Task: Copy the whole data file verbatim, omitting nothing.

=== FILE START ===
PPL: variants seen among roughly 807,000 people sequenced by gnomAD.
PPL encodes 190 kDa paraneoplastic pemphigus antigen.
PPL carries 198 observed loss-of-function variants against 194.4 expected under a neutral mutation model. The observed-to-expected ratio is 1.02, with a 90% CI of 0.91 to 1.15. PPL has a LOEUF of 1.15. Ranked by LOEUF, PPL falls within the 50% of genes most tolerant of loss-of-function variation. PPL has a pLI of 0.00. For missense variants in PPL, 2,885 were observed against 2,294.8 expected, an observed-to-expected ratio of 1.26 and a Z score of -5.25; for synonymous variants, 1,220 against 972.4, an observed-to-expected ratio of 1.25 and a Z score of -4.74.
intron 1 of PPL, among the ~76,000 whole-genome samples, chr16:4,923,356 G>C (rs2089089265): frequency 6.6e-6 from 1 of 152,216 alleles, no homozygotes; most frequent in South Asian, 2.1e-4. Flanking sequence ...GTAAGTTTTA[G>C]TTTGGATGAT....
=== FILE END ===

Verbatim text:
PPL: variants seen among roughly 807,000 people sequenced by gnomAD.
PPL encodes 190 kDa paraneoplastic pemphigus antigen.
PPL carries 198 observed loss-of-function variants against 194.4 expected under a neutral mutation model. The observed-to-expected ratio is 1.02, with a 90% CI of 0.91 to 1.15. PPL has a LOEUF of 1.15. Ranked by LOEUF, PPL falls within the 50% of genes most tolerant of loss-of-function variation. PPL has a pLI of 0.00. For missense variants in PPL, 2,885 were observed against 2,294.8 expected, an observed-to-expected ratio of 1.26 and a Z score of -5.25; for synonymous variants, 1,220 against 972.4, an observed-to-expected ratio of 1.25 and a Z score of -4.74.
intron 1 of PPL, among the ~76,000 whole-genome samples, chr16:4,923,356 G>C (rs2089089265): frequency 6.6e-6 from 1 of 152,216 alleles, no homozygotes; most frequent in South Asian, 2.1e-4. Flanking sequence ...GTAAGTTTTA[G>C]TTTGGATGAT....